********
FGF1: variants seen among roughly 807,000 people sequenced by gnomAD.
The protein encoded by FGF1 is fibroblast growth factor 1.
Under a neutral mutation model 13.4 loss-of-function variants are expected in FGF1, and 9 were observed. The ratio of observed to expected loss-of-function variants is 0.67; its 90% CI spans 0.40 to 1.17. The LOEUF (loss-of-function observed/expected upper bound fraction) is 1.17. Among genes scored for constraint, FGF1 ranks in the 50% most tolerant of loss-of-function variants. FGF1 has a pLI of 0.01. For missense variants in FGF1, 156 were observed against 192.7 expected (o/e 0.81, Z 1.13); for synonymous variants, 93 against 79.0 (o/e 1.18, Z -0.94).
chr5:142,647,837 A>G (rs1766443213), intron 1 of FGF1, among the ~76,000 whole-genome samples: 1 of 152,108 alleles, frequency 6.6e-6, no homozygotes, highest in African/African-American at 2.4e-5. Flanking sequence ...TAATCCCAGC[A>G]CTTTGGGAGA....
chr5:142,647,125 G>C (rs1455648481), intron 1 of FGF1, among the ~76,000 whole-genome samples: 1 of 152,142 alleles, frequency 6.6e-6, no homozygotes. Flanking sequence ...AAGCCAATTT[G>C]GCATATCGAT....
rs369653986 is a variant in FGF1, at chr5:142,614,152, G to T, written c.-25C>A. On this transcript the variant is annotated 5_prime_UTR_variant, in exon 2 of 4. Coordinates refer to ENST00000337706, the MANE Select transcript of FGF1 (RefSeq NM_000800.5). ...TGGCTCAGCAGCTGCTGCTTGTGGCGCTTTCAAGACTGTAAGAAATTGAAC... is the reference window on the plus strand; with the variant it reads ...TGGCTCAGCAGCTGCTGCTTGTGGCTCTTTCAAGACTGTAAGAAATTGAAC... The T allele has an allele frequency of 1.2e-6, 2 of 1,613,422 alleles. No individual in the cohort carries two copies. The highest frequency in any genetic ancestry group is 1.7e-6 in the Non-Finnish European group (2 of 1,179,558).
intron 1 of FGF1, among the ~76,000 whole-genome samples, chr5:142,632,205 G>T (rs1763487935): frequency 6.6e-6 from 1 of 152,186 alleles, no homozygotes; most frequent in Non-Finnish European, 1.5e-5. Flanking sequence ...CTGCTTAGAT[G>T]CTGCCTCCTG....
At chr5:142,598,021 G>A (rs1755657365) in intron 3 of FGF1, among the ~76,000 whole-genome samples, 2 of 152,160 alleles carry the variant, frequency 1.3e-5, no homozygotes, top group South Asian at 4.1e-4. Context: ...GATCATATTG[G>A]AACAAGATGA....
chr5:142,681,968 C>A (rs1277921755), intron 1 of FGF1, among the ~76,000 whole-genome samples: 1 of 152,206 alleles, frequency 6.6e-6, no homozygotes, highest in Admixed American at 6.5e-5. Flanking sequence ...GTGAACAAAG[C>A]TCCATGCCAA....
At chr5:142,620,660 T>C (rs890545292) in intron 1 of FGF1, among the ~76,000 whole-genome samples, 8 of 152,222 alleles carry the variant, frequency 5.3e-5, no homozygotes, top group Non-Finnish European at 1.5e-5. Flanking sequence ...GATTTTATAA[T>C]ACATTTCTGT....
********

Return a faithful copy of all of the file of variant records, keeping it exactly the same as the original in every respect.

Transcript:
FGF1: variants seen among roughly 807,000 people sequenced by gnomAD.
The protein encoded by FGF1 is fibroblast growth factor 1.
Under a neutral mutation model 13.4 loss-of-function variants are expected in FGF1, and 9 were observed. The ratio of observed to expected loss-of-function variants is 0.67; its 90% CI spans 0.40 to 1.17. The LOEUF (loss-of-function observed/expected upper bound fraction) is 1.17. Among genes scored for constraint, FGF1 ranks in the 50% most tolerant of loss-of-function variants. FGF1 has a pLI of 0.01. For missense variants in FGF1, 156 were observed against 192.7 expected (o/e 0.81, Z 1.13); for synonymous variants, 93 against 79.0 (o/e 1.18, Z -0.94).
chr5:142,647,837 A>G (rs1766443213), intron 1 of FGF1, among the ~76,000 whole-genome samples: 1 of 152,108 alleles, frequency 6.6e-6, no homozygotes, highest in African/African-American at 2.4e-5. Flanking sequence ...TAATCCCAGC[A>G]CTTTGGGAGA....
chr5:142,647,125 G>C (rs1455648481), intron 1 of FGF1, among the ~76,000 whole-genome samples: 1 of 152,142 alleles, frequency 6.6e-6, no homozygotes. Flanking sequence ...AAGCCAATTT[G>C]GCATATCGAT....
rs369653986 is a variant in FGF1, at chr5:142,614,152, G to T, written c.-25C>A. On this transcript the variant is annotated 5_prime_UTR_variant, in exon 2 of 4. Coordinates refer to ENST00000337706, the MANE Select transcript of FGF1 (RefSeq NM_000800.5). ...TGGCTCAGCAGCTGCTGCTTGTGGCGCTTTCAAGACTGTAAGAAATTGAAC... is the reference window on the plus strand; with the variant it reads ...TGGCTCAGCAGCTGCTGCTTGTGGCTCTTTCAAGACTGTAAGAAATTGAAC... The T allele has an allele frequency of 1.2e-6, 2 of 1,613,422 alleles. No individual in the cohort carries two copies. The highest frequency in any genetic ancestry group is 1.7e-6 in the Non-Finnish European group (2 of 1,179,558).
intron 1 of FGF1, among the ~76,000 whole-genome samples, chr5:142,632,205 G>T (rs1763487935): frequency 6.6e-6 from 1 of 152,186 alleles, no homozygotes; most frequent in Non-Finnish European, 1.5e-5. Flanking sequence ...CTGCTTAGAT[G>T]CTGCCTCCTG....
At chr5:142,598,021 G>A (rs1755657365) in intron 3 of FGF1, among the ~76,000 whole-genome samples, 2 of 152,160 alleles carry the variant, frequency 1.3e-5, no homozygotes, top group South Asian at 4.1e-4. Context: ...GATCATATTG[G>A]AACAAGATGA....
chr5:142,681,968 C>A (rs1277921755), intron 1 of FGF1, among the ~76,000 whole-genome samples: 1 of 152,206 alleles, frequency 6.6e-6, no homozygotes, highest in Admixed American at 6.5e-5. Flanking sequence ...GTGAACAAAG[C>A]TCCATGCCAA....
At chr5:142,620,660 T>C (rs890545292) in intron 1 of FGF1, among the ~76,000 whole-genome samples, 8 of 152,222 alleles carry the variant, frequency 5.3e-5, no homozygotes, top group Non-Finnish European at 1.5e-5. Flanking sequence ...GATTTTATAA[T>C]ACATTTCTGT....